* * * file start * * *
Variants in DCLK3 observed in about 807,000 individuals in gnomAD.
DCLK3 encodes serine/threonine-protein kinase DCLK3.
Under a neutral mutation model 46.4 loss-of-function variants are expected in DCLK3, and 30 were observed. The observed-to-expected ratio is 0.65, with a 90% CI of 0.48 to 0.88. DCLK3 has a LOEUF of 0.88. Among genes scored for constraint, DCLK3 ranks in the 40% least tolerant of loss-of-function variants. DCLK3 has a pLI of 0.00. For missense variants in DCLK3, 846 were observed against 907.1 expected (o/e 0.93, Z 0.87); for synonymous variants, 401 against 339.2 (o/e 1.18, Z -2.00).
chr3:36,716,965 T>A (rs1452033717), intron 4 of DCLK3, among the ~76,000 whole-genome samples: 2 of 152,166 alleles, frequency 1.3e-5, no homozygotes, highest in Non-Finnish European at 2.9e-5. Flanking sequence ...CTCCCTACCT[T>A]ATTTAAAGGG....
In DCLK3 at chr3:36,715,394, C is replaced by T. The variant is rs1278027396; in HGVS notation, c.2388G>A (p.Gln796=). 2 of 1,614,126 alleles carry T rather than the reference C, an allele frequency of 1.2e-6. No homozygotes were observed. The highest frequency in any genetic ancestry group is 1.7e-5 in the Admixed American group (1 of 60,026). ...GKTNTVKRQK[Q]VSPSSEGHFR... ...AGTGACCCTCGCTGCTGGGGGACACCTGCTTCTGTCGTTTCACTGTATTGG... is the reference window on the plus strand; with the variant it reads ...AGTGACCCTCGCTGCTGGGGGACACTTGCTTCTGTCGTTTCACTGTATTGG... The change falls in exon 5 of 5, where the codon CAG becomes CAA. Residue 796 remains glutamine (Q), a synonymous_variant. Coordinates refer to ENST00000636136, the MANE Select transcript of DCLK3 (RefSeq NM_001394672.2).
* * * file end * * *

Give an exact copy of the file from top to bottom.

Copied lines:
Variants in DCLK3 observed in about 807,000 individuals in gnomAD.
DCLK3 encodes serine/threonine-protein kinase DCLK3.
Under a neutral mutation model 46.4 loss-of-function variants are expected in DCLK3, and 30 were observed. The observed-to-expected ratio is 0.65, with a 90% CI of 0.48 to 0.88. DCLK3 has a LOEUF of 0.88. Among genes scored for constraint, DCLK3 ranks in the 40% least tolerant of loss-of-function variants. DCLK3 has a pLI of 0.00. For missense variants in DCLK3, 846 were observed against 907.1 expected (o/e 0.93, Z 0.87); for synonymous variants, 401 against 339.2 (o/e 1.18, Z -2.00).
chr3:36,716,965 T>A (rs1452033717), intron 4 of DCLK3, among the ~76,000 whole-genome samples: 2 of 152,166 alleles, frequency 1.3e-5, no homozygotes, highest in Non-Finnish European at 2.9e-5. Flanking sequence ...CTCCCTACCT[T>A]ATTTAAAGGG....
In DCLK3 at chr3:36,715,394, C is replaced by T. The variant is rs1278027396; in HGVS notation, c.2388G>A (p.Gln796=). 2 of 1,614,126 alleles carry T rather than the reference C, an allele frequency of 1.2e-6. No homozygotes were observed. The highest frequency in any genetic ancestry group is 1.7e-5 in the Admixed American group (1 of 60,026). ...GKTNTVKRQK[Q]VSPSSEGHFR... ...AGTGACCCTCGCTGCTGGGGGACACCTGCTTCTGTCGTTTCACTGTATTGG... is the reference window on the plus strand; with the variant it reads ...AGTGACCCTCGCTGCTGGGGGACACTTGCTTCTGTCGTTTCACTGTATTGG... The change falls in exon 5 of 5, where the codon CAG becomes CAA. Residue 796 remains glutamine (Q), a synonymous_variant. Coordinates refer to ENST00000636136, the MANE Select transcript of DCLK3 (RefSeq NM_001394672.2).